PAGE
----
Hundreds of high school students from throughout Massachusetts marched from Faneuil Hall to the State House today calling for the restoration of funding for youth jobs and for more businesses to create positions for teens.
“This is important for me to be here, begging these legislators for more jobs, because we are the future of this next generation. And to save kids from being out on the street and doing things they shouldn’t be doing, why not open up more jobs for us?” said Sheraine Blake, 18, a senior at Boston Community Leadership Academy, standing on the steps leading to the front entrance of the State House.
“It will cut down on drugs and all the violence, just because they have a place to go, and they will be getting paid and it’s educational as well,” she said.
Blake was one of about 1,100 students who turned out from at least a dozen cities and towns, including Somerville, New Bedford, Brockton, Springfield, and Worcester.
The annual demonstration started in the summer of 2009, when the state Legislature proposed cutting the youth jobs package by 50 percent due to a lack of federal funds. About 700 youth showed up then to protest the cut from $8 million to $4 million, and the Legislature eventually found $4 million in unused emergency funding. The package remained at $8 million in 2011 and last year it rose to $9 million, according to officials with the Boston-based Youth Jobs Coalition.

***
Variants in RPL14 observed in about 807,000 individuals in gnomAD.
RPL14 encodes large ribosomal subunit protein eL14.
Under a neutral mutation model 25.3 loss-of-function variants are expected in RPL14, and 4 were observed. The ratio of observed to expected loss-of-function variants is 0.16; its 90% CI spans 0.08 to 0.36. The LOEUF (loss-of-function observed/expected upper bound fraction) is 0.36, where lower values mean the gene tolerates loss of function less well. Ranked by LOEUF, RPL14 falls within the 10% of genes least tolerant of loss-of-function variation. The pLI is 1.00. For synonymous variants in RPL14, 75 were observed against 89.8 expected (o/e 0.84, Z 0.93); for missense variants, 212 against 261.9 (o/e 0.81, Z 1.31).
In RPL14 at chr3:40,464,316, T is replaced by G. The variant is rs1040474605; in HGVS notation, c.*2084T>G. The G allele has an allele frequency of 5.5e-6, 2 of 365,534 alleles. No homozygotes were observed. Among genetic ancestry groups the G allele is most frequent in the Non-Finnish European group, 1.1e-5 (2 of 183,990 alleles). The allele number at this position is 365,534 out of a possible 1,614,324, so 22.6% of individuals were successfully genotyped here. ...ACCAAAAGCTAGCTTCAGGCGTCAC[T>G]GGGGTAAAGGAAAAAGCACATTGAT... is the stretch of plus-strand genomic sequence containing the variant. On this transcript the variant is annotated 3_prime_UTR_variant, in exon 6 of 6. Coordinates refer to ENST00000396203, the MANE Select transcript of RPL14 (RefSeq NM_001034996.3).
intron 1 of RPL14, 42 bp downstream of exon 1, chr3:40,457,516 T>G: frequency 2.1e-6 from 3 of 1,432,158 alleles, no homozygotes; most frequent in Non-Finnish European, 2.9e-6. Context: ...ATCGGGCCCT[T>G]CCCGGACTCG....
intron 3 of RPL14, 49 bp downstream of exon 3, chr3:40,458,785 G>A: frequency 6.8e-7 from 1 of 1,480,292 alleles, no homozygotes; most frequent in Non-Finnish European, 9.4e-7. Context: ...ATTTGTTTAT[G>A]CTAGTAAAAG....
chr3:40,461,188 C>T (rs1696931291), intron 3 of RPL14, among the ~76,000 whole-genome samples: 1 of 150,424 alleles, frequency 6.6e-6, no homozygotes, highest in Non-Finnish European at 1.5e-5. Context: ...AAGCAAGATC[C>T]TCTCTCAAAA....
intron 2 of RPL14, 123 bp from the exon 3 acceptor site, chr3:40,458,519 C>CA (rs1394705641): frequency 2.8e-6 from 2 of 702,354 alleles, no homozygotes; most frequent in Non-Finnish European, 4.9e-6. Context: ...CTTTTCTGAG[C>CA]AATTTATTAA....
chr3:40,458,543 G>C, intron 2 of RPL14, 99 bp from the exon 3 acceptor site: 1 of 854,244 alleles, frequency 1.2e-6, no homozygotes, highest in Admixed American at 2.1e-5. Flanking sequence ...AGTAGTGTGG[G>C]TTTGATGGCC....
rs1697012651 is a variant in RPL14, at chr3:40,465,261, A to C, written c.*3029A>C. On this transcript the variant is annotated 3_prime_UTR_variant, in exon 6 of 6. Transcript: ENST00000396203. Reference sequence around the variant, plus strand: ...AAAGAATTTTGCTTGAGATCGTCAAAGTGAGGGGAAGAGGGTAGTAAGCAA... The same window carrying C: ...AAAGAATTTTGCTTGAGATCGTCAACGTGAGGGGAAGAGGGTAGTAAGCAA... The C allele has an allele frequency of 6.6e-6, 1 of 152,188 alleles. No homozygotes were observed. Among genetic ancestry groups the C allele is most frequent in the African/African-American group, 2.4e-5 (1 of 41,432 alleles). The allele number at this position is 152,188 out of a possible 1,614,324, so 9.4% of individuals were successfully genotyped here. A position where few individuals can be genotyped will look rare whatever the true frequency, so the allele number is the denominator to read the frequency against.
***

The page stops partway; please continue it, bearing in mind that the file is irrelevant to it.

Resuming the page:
Even with that funding, the coalition says the employment rate of youths has fallen off dramatically, citing a 2012 report by Northeastern University’s Center for Labor Market Studies that put the teen unemployment rate at an all-time low of 27 percent, compared with 54 percent in 1999.
A second component of the youth jobs package, subsidies from the state to private companies to hire and train youth, has been slashed, from $7 million to $2.8 million, said Lew Finfer, a leader of the coalition.
“That has really hurt the effort,” he said.
Boston Mayor Thomas M. Menino spoke inside Faneuil Hall before the march, saying that every year of his administration youth jobs have been at the top of his to-do list.
“It’s a no-brainer. . . . When you put young people to work, it creates opportunities for you, it’s a learning process, to build up new relationships,” he said. “When January starts, my number one priority is getting summer jobs for our young people.”